Apr 17, 2020

Peculiar Attraction (1988)


(Original Title: Atracción Peculiar) A silly comedy from Argentina about a couple of journalists who go undercover as cross-dressers to investigate a supposed transvestite invasion of Mar del Plata. Starring the comedy duo Alberto Olmedo and Jorge Porcel [see A los cirujanos se les va la mano (1980)].



Breaking news: transvestites have invaded Mar del Plata.

Francisco Barlovento (Tincho Zabala), the director of Tevelunga, an entertainment magazine, demands that they cover this story.

He assigns an editor Jorge Trolombatti (Jorge Porcel) and a photographer Alberto (Alberto Olmedo) to the case. They'll need to go undercover to infiltrate the transvestite community.  Zulema (Silvia Pérez) is the secretary.

Jorge is a bit of a womanizer - not the perfect choice to go undercover as a cross-dressing homosexual.

Jorge and Alberto get on a plane.  Alberto Olmedo really overdoes the flamboyantly gay shtick; I'm sure it was funny at the time.  Sadly, Olmedo passed away just a few days after this film was released.

Also aboard the plane are three wannabe pop singers.

Peggy (Judith Gabbani), July (Beatriz Salomón), and Betty (Ana María Ricci)

The singers believe Jorge is a record producer, and can help them with their career.  So, they launch into a song in flight.

Somehow accompanying music is playing; the girls dance around and fondle Jorge.  Things that would get you arrested on board a plane today.

It's actually a really peppy and catchy tune.

The best part comes when they tear off their skirts, revealing thongs underneath.

My expression exactly.

The other passengers get to enjoy the performance as well.  Good times.

Jorge and Alberto arrive at the airport.

Some nice looks at the La Feliz airport.

The singers spot Jorge at baggage claim.


Back at the office Francisco Barlovento, El Jefe, is admiring his secretary's backside.  He's inspired to take Zulema to the hotel where Jorge and Alberto are residing.  His wife will think it's a business trip.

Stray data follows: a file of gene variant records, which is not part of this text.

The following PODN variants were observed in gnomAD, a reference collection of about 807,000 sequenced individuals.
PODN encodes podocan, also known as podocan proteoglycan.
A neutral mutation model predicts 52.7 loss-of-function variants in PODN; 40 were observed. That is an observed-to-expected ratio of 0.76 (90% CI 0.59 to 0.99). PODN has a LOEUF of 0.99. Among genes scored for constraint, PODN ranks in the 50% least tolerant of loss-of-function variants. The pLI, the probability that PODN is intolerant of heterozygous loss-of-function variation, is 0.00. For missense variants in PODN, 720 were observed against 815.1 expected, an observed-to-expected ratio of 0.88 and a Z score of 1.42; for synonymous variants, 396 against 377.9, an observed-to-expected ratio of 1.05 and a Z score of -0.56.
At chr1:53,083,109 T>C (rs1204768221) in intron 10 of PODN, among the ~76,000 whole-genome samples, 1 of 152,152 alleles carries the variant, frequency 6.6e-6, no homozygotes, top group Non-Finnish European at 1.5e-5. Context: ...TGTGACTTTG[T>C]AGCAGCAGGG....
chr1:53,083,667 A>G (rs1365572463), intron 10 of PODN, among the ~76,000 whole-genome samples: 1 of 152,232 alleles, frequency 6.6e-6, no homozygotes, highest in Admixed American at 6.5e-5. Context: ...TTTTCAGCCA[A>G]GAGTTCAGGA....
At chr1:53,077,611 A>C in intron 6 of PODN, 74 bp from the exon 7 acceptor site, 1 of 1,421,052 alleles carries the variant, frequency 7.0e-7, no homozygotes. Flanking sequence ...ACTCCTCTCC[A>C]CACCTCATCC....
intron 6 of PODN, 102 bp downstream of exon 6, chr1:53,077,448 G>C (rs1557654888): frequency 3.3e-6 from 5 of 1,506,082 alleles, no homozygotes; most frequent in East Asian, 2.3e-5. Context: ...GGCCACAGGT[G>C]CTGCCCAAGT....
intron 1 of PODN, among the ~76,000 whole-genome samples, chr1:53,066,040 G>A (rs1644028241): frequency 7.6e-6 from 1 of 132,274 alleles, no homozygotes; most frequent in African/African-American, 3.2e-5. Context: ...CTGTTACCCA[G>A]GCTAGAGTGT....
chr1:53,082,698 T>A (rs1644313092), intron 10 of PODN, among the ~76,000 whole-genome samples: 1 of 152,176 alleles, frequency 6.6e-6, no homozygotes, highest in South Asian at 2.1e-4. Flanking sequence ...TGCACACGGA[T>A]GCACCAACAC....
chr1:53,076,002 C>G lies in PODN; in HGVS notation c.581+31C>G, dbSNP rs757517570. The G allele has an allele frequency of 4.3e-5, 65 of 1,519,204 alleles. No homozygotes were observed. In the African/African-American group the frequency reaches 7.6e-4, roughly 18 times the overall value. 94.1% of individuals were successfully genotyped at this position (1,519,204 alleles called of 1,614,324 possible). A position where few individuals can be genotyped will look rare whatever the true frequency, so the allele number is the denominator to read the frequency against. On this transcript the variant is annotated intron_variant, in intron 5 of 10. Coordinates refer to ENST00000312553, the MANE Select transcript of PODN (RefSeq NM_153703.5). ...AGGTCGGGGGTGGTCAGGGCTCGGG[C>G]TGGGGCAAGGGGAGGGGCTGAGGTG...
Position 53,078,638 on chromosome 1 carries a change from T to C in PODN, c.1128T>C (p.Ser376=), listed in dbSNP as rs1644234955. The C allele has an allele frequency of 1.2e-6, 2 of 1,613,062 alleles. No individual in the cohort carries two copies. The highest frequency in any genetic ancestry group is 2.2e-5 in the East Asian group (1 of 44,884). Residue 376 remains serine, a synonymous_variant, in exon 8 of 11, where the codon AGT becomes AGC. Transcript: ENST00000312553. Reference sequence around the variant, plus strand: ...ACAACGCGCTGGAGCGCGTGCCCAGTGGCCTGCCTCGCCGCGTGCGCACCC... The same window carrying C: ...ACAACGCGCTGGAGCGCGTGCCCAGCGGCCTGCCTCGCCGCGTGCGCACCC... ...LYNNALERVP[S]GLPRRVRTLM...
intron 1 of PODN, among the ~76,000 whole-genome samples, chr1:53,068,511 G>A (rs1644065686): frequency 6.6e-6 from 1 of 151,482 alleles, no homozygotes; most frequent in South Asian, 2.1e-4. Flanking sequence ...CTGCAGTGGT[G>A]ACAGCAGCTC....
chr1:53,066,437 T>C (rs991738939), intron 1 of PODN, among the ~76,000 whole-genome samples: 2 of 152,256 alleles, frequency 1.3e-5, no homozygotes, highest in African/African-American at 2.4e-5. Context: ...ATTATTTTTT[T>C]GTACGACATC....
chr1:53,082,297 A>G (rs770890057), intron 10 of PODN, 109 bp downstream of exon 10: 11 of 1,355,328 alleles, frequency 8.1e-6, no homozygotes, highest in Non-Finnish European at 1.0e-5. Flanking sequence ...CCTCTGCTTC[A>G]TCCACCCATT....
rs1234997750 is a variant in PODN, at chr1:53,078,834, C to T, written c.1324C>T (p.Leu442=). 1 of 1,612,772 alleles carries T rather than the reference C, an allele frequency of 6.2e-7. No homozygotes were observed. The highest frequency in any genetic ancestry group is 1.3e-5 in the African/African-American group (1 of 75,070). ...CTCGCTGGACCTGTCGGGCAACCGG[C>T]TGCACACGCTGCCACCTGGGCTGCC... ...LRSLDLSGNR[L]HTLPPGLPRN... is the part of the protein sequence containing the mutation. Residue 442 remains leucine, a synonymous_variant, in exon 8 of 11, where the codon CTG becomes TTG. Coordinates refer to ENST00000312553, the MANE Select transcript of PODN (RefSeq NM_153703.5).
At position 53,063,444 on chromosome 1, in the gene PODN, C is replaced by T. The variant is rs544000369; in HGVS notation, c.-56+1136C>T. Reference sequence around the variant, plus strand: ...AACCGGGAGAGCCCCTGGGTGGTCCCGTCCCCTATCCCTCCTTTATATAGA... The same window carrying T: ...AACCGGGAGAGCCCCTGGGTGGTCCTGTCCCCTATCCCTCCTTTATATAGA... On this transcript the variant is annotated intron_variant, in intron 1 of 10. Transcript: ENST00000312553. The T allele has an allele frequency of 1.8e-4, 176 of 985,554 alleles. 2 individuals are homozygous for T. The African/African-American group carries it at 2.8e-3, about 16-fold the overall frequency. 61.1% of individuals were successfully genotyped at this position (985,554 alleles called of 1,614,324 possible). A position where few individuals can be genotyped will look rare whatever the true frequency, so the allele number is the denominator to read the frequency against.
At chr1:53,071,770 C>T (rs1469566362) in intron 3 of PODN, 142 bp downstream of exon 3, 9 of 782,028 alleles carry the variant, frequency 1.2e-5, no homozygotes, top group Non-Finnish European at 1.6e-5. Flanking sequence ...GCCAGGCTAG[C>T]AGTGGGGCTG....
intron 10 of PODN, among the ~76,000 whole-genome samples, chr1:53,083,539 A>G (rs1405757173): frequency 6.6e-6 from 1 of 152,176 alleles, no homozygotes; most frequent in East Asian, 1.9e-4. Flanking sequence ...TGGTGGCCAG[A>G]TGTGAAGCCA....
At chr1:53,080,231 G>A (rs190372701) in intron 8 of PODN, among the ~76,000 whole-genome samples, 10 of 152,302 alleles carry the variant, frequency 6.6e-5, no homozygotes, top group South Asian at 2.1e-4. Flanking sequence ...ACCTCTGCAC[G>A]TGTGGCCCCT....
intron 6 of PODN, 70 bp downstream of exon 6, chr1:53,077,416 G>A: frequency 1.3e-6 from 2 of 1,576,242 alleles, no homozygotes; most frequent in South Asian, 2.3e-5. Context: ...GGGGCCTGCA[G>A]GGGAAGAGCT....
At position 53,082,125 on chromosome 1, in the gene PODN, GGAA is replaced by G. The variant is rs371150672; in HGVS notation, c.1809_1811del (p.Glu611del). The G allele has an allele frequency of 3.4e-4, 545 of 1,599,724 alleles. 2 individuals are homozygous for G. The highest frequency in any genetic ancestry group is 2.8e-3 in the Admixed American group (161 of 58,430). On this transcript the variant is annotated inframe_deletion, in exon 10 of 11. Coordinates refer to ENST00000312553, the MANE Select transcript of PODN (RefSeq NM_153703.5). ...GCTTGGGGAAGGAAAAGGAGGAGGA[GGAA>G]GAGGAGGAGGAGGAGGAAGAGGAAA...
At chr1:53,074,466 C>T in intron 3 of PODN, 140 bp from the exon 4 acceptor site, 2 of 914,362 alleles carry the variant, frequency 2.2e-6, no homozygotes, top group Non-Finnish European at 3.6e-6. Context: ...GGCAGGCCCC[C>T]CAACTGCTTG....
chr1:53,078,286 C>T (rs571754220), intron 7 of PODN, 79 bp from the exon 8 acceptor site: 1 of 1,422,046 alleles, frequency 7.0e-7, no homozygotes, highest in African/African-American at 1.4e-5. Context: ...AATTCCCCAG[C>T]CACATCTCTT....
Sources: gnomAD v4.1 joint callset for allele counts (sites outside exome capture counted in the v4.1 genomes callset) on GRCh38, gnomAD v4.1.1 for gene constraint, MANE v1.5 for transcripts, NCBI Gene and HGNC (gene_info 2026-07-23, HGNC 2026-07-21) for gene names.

Checking into the hotel, the singers meet Lorenzo Chávez (Pablo Codevila), who claims to be Jorge's employer.

So, now the girls turn their attention to Chávez instead of Jorge.

In full transvestite costume, Alberto and Jorge are out on the ledge (long story).  This attracts a huge crowd and television reporters down below.

The boss is stuck in traffic with Zulema, not realizing the delay is caused by Jorge and Alberto's situtation.

Uh, oh. Catalina de Barlovento (Beatriz Taibo), the boss' wife, has arrived unexpectedly to meet her husband.

A couple of newlyweds - the bride is Sandra Villaruel.

The bride says she'll get undressed if the groom will go in the other room. 

Still out on the ledge, after getting shot at on the rooftop (long story), Jorge slobbers over what he sees from outside...


She gets into bed, and Jorge creeps in.  He cups his hands over her butt as if warming them by a fire.

The husband returns, finding this big fat cross dresser in his bed.

Meanwhile, in another room, the boss waits for his lovely secretary to get ready.

The boss is pulled away and runs into the pop singers. 

Chávez explains to them that Francisco is actually his boss.

Naturally, the girls now turn their attention to Francisco.

Oh boy.  Francisco's wife is coming down the hall with a shotgun.

Alberto, coming in from the roof, is disgusted to find a naked woman.

It's Zulema.

Francisco is horrified to come face to face with his shotgun wielding wife.


Later, Alberto and Jorge go for a job - deep undercover. 

But Jorge keeps getting distracted by all the butts.  Indeed, this film is loaded with butts.

More butts, courtesy the pop singers at the beach bar.

More butts: courtesy Betty having a talk with Chávez.

Zulema wonders where her boss went. (He's actually been put in the hospital by his wife.)  

Jorge is more than happy to help her.  

Jorge plays doctor, and we get the film's only real nude scene.

Thank you to TV star, Silvia Pérez, for bringing some quality nudity to the film.

The hotel manager comes to Zulema's rescue.

But he's discovered to be a cad as well.

The film's climactic scene takes place aboard a big decadent party boat.  The pop stars give one of their performances.

A level of chaos that I can't even begin to describe spirals out of control.

Just don't even ask.  Suffice it to say, things circle the drain.  THE END

I don't find the straight male in drag shtick to be very funny; never have.  Worse still, Alberto's constant over-the-top flamboyance was a bit problematic.  Still, it was packed with incredible Argentinian butts, so it's hard to complain too much.
★★★★☆

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